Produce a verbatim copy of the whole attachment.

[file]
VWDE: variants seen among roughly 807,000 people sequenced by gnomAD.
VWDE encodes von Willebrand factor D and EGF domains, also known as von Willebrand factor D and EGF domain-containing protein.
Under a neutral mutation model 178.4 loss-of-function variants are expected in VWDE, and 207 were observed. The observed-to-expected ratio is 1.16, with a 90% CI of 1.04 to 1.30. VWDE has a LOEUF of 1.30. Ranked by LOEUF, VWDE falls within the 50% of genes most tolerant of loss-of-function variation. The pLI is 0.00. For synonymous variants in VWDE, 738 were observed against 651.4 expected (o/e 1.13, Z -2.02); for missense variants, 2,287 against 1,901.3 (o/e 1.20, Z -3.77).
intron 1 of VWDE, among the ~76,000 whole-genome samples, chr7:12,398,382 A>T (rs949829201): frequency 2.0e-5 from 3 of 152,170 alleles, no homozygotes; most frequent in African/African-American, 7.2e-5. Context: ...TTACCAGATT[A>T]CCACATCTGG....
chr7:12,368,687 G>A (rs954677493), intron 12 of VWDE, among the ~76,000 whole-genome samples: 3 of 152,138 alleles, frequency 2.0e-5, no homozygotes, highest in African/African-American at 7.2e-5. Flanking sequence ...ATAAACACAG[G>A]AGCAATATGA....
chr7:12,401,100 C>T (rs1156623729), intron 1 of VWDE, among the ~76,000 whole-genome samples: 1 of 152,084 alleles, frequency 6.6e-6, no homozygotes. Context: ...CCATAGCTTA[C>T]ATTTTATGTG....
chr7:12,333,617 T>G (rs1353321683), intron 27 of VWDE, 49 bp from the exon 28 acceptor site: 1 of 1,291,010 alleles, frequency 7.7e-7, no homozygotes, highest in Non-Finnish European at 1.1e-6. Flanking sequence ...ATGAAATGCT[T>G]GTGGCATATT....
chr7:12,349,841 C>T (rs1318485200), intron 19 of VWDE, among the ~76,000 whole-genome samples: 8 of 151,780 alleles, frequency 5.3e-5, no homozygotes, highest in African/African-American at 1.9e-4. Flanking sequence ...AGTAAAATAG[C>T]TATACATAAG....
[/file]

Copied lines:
VWDE: variants seen among roughly 807,000 people sequenced by gnomAD.
VWDE encodes von Willebrand factor D and EGF domains, also known as von Willebrand factor D and EGF domain-containing protein.
Under a neutral mutation model 178.4 loss-of-function variants are expected in VWDE, and 207 were observed. The observed-to-expected ratio is 1.16, with a 90% CI of 1.04 to 1.30. VWDE has a LOEUF of 1.30. Ranked by LOEUF, VWDE falls within the 50% of genes most tolerant of loss-of-function variation. The pLI is 0.00. For synonymous variants in VWDE, 738 were observed against 651.4 expected (o/e 1.13, Z -2.02); for missense variants, 2,287 against 1,901.3 (o/e 1.20, Z -3.77).
intron 1 of VWDE, among the ~76,000 whole-genome samples, chr7:12,398,382 A>T (rs949829201): frequency 2.0e-5 from 3 of 152,170 alleles, no homozygotes; most frequent in African/African-American, 7.2e-5. Context: ...TTACCAGATT[A>T]CCACATCTGG....
chr7:12,368,687 G>A (rs954677493), intron 12 of VWDE, among the ~76,000 whole-genome samples: 3 of 152,138 alleles, frequency 2.0e-5, no homozygotes, highest in African/African-American at 7.2e-5. Flanking sequence ...ATAAACACAG[G>A]AGCAATATGA....
chr7:12,401,100 C>T (rs1156623729), intron 1 of VWDE, among the ~76,000 whole-genome samples: 1 of 152,084 alleles, frequency 6.6e-6, no homozygotes. Context: ...CCATAGCTTA[C>T]ATTTTATGTG....
chr7:12,333,617 T>G (rs1353321683), intron 27 of VWDE, 49 bp from the exon 28 acceptor site: 1 of 1,291,010 alleles, frequency 7.7e-7, no homozygotes, highest in Non-Finnish European at 1.1e-6. Flanking sequence ...ATGAAATGCT[T>G]GTGGCATATT....
chr7:12,349,841 C>T (rs1318485200), intron 19 of VWDE, among the ~76,000 whole-genome samples: 8 of 151,780 alleles, frequency 5.3e-5, no homozygotes, highest in African/African-American at 1.9e-4. Flanking sequence ...AGTAAAATAG[C>T]TATACATAAG....